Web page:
The Great Buddha of Kamakura and Kotoku-in
The Great Buddha of Kamakura: The symbol of Kanagawa's historic town and a National Treasure of Japan
Designated as Japan's National Treasure, the bronze statue of Amitabha Buddha, which is the principal image of Kotoku-in, is commonly known as the Great Buddha of Kamakura (Kamakura Daibutsu in Japanese). The construction of the statue began in 1252 and it was originally enshrined in Daibutsu-den Hall. However, the building was destroyed due to several typhoons and ultimately by a huge tsunami in 1498. Since then, the Buddha has been standing in the open air. With a height of 13.35 meters including the base and weighing approximately 121 tons, the awe-inspiring Buddha is a must-see!
Kotoku-in is a Buddhist temple that belongs to the Jodo Sect, a traditional sect founded by the priest Honen (1133–1212). Honen's teachings emphasized that through chanting nembutsu (an invocation of Amitabha), anyone irrespective of gender, age or social standing, and regardless of whether the individual has engaged in good or bad deeds, can receive the protection of Amitabha and be reborn in his Pure Land.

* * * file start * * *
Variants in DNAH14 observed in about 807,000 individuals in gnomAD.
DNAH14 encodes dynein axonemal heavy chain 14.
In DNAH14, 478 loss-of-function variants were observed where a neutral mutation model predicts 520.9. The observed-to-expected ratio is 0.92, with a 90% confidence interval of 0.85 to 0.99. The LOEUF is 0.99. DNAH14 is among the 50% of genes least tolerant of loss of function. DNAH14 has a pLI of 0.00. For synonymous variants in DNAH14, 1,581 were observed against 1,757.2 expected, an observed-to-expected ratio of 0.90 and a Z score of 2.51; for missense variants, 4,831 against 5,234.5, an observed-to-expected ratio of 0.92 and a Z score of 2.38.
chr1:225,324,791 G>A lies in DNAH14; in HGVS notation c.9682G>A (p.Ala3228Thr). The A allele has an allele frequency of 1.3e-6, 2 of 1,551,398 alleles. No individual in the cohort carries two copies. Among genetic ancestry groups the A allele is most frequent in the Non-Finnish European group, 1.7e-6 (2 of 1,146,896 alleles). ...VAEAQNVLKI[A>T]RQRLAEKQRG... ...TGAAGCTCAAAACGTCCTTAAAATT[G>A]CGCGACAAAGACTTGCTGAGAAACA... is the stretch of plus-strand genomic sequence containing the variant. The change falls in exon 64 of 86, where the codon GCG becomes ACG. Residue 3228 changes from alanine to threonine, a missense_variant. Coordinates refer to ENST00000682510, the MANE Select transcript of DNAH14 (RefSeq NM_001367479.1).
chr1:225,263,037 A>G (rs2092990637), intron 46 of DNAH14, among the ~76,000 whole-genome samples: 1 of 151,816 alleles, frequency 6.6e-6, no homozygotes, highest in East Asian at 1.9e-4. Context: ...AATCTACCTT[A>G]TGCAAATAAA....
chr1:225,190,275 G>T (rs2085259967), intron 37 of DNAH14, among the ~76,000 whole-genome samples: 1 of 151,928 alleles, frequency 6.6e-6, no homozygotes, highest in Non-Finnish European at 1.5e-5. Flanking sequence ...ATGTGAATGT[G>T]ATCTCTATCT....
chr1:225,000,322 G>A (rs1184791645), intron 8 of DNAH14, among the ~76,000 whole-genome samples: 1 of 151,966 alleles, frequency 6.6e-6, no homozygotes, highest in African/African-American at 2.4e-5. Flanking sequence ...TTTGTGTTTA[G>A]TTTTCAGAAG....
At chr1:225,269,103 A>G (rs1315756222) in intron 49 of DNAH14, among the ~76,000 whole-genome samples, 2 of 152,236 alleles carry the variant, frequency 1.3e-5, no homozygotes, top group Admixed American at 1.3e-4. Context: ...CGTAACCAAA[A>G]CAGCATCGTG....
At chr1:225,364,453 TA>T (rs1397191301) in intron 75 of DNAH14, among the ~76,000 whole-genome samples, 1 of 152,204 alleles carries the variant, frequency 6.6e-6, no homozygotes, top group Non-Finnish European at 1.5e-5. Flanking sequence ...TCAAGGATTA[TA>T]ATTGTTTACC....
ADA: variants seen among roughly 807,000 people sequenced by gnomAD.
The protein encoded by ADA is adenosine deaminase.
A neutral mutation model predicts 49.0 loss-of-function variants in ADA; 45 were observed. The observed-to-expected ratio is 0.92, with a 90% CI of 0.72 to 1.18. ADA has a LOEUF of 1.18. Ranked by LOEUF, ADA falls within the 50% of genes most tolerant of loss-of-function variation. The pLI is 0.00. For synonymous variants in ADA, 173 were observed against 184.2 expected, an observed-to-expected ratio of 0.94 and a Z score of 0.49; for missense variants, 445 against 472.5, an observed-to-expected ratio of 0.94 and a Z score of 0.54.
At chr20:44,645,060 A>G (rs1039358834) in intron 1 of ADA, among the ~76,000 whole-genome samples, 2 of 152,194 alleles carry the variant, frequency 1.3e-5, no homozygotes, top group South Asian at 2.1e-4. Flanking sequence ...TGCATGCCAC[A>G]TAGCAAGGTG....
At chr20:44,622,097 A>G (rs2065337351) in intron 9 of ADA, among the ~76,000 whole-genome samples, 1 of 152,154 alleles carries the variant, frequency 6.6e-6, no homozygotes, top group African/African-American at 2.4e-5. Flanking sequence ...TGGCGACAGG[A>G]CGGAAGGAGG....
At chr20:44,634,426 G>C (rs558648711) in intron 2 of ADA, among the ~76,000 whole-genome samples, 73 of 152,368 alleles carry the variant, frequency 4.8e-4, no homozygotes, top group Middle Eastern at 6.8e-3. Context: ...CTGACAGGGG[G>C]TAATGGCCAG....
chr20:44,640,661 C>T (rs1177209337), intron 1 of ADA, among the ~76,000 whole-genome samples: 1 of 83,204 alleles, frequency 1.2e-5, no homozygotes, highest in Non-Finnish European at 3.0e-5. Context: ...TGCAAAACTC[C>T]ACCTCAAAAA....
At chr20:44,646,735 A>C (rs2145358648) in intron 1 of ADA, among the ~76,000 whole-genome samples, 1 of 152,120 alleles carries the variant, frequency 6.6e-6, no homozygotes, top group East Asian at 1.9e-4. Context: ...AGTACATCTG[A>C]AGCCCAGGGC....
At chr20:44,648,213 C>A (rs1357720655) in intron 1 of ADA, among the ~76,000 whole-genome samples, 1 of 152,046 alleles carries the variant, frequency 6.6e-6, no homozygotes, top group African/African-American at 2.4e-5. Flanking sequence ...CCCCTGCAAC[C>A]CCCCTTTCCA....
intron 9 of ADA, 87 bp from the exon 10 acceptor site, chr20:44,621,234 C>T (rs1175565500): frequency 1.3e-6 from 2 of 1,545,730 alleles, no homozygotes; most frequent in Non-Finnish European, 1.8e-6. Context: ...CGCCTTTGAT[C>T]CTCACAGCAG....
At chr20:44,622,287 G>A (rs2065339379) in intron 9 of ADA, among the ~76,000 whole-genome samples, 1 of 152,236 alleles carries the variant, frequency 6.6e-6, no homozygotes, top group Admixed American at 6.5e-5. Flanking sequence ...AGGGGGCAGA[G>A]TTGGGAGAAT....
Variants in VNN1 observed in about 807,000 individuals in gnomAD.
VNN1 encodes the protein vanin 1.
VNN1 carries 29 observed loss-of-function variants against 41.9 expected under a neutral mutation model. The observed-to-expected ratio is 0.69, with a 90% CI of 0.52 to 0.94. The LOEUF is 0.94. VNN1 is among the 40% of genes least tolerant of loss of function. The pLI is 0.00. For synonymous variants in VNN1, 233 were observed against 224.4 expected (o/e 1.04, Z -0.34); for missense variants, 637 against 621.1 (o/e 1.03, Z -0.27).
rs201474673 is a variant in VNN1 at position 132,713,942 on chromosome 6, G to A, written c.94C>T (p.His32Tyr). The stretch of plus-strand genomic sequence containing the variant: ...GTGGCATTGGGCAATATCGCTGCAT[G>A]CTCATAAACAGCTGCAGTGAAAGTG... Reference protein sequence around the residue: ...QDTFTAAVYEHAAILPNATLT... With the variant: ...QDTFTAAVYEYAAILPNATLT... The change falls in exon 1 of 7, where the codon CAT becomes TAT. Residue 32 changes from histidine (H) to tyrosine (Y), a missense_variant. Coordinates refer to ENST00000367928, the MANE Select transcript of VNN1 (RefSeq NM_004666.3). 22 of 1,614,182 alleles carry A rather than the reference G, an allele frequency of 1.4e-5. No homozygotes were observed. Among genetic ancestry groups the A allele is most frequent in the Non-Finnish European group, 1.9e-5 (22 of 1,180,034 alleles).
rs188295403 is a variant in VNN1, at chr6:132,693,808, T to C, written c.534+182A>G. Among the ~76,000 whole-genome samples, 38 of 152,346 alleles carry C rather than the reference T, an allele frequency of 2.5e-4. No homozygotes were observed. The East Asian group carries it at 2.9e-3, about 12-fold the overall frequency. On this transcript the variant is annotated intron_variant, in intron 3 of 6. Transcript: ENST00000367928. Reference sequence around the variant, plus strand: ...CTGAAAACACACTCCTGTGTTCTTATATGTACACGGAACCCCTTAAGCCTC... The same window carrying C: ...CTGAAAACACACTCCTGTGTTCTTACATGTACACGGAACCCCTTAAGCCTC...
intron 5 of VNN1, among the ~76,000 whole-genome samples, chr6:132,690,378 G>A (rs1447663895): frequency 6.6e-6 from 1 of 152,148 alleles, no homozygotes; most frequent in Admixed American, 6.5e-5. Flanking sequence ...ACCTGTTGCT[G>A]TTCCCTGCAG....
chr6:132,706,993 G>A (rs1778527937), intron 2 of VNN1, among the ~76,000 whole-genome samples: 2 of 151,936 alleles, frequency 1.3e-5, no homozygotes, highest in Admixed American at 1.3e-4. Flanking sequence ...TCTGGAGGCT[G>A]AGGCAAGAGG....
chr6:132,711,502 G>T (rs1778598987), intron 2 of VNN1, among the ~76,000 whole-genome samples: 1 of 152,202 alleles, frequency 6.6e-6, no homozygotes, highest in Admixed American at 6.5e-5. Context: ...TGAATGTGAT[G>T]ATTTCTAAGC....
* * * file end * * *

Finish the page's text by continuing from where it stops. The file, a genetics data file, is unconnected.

|Name||The Great Buddha of Kamakura and Kotoku-in|
|Address||4-2-28 Hase, Kamakura-shi, Kanagawa|
|Access||Approximately 7 minutes' walk from Hase Station on the Enoshima Electric Railway
Take the Enoshima-dentetsu Bus or the Keikyu Bus and get off at the Daibutsu-mae bus stop
|Business Hours||April to September: 8:00 to 17:30
October to March: 8:00 to 17:00
(Final entry: 15 minutes before closing)
|Admission||Adults, high school and junior high school students: 300 yen; Elementary school students: 150 yen|